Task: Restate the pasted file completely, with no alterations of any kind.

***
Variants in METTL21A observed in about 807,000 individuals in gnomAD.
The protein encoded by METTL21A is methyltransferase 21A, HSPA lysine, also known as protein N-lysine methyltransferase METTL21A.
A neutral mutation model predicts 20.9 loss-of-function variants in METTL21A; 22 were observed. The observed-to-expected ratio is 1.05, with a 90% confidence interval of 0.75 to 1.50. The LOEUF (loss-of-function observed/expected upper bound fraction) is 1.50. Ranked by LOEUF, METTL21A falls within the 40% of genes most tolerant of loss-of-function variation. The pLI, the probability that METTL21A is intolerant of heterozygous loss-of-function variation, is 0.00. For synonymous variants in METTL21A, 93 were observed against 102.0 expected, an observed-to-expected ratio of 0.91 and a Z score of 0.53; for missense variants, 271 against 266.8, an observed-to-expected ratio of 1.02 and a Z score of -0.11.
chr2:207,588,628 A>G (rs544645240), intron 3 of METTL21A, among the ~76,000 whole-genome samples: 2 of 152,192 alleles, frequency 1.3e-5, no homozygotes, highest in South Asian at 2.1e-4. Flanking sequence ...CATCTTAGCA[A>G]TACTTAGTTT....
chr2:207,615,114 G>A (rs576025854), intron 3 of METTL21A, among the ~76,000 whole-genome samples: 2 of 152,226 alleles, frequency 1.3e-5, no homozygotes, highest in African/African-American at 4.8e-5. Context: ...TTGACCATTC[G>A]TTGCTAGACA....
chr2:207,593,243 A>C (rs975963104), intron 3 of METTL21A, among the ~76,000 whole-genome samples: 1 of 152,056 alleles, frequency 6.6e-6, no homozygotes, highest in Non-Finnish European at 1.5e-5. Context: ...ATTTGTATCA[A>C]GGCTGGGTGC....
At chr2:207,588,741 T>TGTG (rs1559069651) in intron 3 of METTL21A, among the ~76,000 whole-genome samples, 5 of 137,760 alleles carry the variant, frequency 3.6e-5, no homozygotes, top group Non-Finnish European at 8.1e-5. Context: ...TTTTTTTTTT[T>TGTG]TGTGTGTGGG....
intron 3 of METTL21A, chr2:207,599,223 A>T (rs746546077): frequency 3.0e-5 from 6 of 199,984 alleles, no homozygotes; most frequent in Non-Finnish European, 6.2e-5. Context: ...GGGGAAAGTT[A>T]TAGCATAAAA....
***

Variants in METTL21A observed in about 807,000 individuals in gnomAD.
The protein encoded by METTL21A is methyltransferase 21A, HSPA lysine, also known as protein N-lysine methyltransferase METTL21A.
A neutral mutation model predicts 20.9 loss-of-function variants in METTL21A; 22 were observed. The observed-to-expected ratio is 1.05, with a 90% confidence interval of 0.75 to 1.50. The LOEUF (loss-of-function observed/expected upper bound fraction) is 1.50. Ranked by LOEUF, METTL21A falls within the 40% of genes most tolerant of loss-of-function variation. The pLI, the probability that METTL21A is intolerant of heterozygous loss-of-function variation, is 0.00. For synonymous variants in METTL21A, 93 were observed against 102.0 expected, an observed-to-expected ratio of 0.91 and a Z score of 0.53; for missense variants, 271 against 266.8, an observed-to-expected ratio of 1.02 and a Z score of -0.11.
chr2:207,588,628 A>G (rs544645240), intron 3 of METTL21A, among the ~76,000 whole-genome samples: 2 of 152,192 alleles, frequency 1.3e-5, no homozygotes, highest in South Asian at 2.1e-4. Flanking sequence ...CATCTTAGCA[A>G]TACTTAGTTT....
chr2:207,615,114 G>A (rs576025854), intron 3 of METTL21A, among the ~76,000 whole-genome samples: 2 of 152,226 alleles, frequency 1.3e-5, no homozygotes, highest in African/African-American at 4.8e-5. Context: ...TTGACCATTC[G>A]TTGCTAGACA....
chr2:207,593,243 A>C (rs975963104), intron 3 of METTL21A, among the ~76,000 whole-genome samples: 1 of 152,056 alleles, frequency 6.6e-6, no homozygotes, highest in Non-Finnish European at 1.5e-5. Context: ...ATTTGTATCA[A>C]GGCTGGGTGC....
At chr2:207,588,741 T>TGTG (rs1559069651) in intron 3 of METTL21A, among the ~76,000 whole-genome samples, 5 of 137,760 alleles carry the variant, frequency 3.6e-5, no homozygotes, top group Non-Finnish European at 8.1e-5. Context: ...TTTTTTTTTT[T>TGTG]TGTGTGTGGG....
intron 3 of METTL21A, chr2:207,599,223 A>T (rs746546077): frequency 3.0e-5 from 6 of 199,984 alleles, no homozygotes; most frequent in Non-Finnish European, 6.2e-5. Context: ...GGGGAAAGTT[A>T]TAGCATAAAA....